FEMA denied request for rubber boats
Tuesday, January 31, 2006
By Bill Walsh
WASHINGTON -- A day before Hurricane Katrina slammed into the Gulf Coast, the Louisiana Department of Wildlife and Fisheries fired off an urgent request for 300 rubber rafts to rescue people from what was expected to be high water in New Orleans.
priority, the plea went to the Federal Emergency
Management Agency headquarters in Denton, Texas, where a
team of disaster experts considered it. As Katrina
lashed southeast Louisiana and ruptured New Orleans'
levees Aug. 29, FEMA gave its answer: "Request denied."
The episode, which came to light Monday at a hearing of the Senate Homeland Security and Governmental Affairs Committee, is just the latest in a growing collection of planning miscues that, despite years of warnings, left the region woefully unprepared for the storm.
The hearing also laid bare evidence of infighting and back-biting among state, local and federal emergency responders once the levees broke and plunged 80 percent of New Orleans underwater. Countless acts of bravery were intermingled with squabbling over scarce rescue equipment as first responders operated in a virtual communications blackout.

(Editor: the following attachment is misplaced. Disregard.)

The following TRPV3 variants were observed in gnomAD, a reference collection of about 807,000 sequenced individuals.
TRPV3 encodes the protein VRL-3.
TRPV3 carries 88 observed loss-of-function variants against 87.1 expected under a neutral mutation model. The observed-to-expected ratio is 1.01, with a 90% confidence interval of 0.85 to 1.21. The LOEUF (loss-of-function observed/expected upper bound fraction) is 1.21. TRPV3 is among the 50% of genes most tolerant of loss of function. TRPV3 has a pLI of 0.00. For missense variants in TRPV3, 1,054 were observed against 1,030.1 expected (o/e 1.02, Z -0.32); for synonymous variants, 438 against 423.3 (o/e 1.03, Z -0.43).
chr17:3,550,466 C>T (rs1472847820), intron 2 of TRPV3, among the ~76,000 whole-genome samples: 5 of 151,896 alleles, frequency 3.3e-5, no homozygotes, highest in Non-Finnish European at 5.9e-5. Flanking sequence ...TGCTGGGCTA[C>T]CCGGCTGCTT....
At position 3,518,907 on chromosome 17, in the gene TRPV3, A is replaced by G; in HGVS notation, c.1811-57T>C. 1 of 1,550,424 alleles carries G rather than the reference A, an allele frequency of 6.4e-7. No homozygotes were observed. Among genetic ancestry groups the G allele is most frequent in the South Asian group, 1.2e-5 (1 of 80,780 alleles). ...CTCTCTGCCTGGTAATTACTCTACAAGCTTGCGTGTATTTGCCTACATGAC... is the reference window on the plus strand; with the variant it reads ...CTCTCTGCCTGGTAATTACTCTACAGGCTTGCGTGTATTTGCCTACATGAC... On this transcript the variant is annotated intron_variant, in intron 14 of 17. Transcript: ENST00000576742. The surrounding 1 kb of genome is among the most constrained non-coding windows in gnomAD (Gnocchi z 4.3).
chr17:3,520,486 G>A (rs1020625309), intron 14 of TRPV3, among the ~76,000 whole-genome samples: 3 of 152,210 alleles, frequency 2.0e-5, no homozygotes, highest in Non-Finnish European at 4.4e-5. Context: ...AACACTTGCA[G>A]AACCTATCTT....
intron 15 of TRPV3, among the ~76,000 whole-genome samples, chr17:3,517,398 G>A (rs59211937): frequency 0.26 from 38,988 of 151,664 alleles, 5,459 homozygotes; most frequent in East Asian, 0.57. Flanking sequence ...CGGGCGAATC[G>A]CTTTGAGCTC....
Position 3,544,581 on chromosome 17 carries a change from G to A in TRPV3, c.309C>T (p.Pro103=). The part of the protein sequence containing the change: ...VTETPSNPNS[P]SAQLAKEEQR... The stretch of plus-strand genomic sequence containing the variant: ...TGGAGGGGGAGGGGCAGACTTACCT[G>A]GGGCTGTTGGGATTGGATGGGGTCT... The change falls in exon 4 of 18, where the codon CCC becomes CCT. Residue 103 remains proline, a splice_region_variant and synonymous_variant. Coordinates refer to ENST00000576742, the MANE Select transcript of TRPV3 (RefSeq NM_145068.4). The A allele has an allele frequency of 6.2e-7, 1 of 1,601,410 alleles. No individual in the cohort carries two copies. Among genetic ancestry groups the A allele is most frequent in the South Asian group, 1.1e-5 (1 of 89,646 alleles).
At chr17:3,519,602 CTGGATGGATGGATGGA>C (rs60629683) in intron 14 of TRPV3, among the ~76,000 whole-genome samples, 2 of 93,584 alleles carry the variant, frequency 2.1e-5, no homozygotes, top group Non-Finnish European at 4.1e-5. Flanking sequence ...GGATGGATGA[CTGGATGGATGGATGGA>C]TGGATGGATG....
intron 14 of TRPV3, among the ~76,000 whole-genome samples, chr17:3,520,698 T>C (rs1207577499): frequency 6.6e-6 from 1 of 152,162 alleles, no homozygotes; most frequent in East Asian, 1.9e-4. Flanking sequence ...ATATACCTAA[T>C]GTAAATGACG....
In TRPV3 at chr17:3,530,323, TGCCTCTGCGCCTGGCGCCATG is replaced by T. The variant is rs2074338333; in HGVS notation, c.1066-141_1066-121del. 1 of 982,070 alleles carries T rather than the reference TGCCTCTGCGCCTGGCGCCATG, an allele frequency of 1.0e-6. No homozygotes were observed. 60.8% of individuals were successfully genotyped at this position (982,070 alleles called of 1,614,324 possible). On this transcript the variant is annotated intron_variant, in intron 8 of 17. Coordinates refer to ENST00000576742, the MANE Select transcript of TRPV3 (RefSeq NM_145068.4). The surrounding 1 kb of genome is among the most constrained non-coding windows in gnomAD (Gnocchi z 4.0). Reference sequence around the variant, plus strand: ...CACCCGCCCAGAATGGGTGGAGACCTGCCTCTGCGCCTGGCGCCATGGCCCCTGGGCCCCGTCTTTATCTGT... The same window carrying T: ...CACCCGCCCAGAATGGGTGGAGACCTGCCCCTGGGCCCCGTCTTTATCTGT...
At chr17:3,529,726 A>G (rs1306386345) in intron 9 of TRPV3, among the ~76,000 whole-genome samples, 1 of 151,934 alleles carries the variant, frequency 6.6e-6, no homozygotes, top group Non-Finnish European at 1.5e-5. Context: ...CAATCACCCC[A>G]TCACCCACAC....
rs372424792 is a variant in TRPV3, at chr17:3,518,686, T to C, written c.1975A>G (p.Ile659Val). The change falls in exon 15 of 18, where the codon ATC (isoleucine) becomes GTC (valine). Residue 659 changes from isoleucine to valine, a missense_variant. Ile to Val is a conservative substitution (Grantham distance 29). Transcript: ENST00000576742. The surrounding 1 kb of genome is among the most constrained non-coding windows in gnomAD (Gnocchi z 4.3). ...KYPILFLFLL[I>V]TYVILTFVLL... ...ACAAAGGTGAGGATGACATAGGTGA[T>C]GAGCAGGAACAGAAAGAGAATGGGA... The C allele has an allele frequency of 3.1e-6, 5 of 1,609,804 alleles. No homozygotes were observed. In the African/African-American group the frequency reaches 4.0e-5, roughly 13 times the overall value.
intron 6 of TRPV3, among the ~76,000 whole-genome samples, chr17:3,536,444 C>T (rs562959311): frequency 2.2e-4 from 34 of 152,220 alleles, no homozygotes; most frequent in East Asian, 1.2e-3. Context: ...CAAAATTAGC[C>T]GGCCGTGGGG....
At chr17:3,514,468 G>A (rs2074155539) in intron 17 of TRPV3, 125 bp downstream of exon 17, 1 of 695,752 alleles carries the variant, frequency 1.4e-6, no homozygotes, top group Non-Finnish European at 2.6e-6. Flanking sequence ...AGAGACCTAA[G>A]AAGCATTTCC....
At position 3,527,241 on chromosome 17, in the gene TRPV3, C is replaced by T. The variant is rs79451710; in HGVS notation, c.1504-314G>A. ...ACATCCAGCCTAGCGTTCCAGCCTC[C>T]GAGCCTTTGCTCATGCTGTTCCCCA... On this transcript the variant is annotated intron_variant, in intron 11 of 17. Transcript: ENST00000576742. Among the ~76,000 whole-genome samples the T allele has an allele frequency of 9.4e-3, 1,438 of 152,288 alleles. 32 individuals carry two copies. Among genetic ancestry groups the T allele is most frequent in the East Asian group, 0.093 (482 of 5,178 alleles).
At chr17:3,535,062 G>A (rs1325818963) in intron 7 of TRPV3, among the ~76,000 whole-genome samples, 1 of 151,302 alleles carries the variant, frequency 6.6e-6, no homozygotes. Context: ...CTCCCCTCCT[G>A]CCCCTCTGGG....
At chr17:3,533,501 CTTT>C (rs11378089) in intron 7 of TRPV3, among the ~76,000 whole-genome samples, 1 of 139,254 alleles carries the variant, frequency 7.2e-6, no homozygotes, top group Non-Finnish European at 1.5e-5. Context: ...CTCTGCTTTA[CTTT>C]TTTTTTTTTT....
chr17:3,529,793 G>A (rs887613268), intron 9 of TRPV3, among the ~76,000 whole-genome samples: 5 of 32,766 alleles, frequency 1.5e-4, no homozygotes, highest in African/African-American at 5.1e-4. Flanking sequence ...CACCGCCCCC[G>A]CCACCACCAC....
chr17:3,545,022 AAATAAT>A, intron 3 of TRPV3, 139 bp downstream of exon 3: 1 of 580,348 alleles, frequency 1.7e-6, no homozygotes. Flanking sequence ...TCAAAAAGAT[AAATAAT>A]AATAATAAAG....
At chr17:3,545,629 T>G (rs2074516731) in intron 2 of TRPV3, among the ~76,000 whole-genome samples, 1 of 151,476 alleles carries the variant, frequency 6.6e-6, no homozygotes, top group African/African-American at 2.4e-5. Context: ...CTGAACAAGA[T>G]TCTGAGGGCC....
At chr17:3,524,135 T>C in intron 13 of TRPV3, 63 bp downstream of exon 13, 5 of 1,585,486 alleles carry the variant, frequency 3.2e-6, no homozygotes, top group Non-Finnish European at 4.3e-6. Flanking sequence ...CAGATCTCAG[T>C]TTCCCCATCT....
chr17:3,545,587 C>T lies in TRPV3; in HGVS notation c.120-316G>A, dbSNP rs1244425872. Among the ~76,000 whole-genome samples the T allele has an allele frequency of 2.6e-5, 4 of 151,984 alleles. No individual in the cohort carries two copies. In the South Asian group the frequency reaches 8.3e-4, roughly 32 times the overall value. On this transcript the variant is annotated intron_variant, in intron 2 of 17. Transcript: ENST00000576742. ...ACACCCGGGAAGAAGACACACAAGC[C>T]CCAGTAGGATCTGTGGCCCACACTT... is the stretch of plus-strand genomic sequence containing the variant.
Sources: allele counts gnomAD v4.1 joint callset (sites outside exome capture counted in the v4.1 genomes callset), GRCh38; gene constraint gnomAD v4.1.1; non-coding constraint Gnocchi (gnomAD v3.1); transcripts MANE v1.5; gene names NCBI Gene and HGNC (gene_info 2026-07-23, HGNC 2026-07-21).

"What strikes me is the utter lack of coordination in the search and rescue," Sen. Susan Collins, R-Maine, told a panel of four front-line officials involved in the Katrina response. "Don't you all talk to one another?"
The hearing was the 12th the committee has held looking at the government's actions before, during and after Katrina. Several more are scheduled this week and next week as the committee prepares to wrap up its work and issue a report in mid-March. New Orleans Mayor Ray Nagin is slated to testify Wednesday and Gov. Blanco is expected Thursday.
'We were not prepared'
The most stunning revelation from Monday's hearing was the urgent missive for rubber rafts as Katrina remained on course to swamp the New Orleans area. At that point, the National Hurricane Center was warning of potential breaches in New Orleans' levees and high water throughout much of the city.
The Louisiana Department of Wildlife and Fisheries wanted to use the rafts to carry those stranded by the expected floodwaters to higher ground. As predictions about the storm's ferocity grew more dire Aug. 28, the request was increased to 1,000 rafts.
"We could have used them to tow additional evacuees, and in lower water the rescuers could have used them to load people who were sick and handicapped," said Lt. Col. Keith LaCaze of Wildlife and Fisheries, which was instrumental in the search and rescue effort in New Orleans.
But William Lokey, chief of FEMA's operations branch, told the Senate committee that the request was denied because "the boats would not be effective." He said rubber boats would not have performed well bobbing alongside the debris that the storm was expected to churn up.
It's not that FEMA didn't have resources at its disposal. The committee released documents showing that the U.S. Department of the Interior offered 300 boats, 400 trained rescue workers and 11 airplanes to FEMA in the crucial days after Katrina struck the Gulf Coast.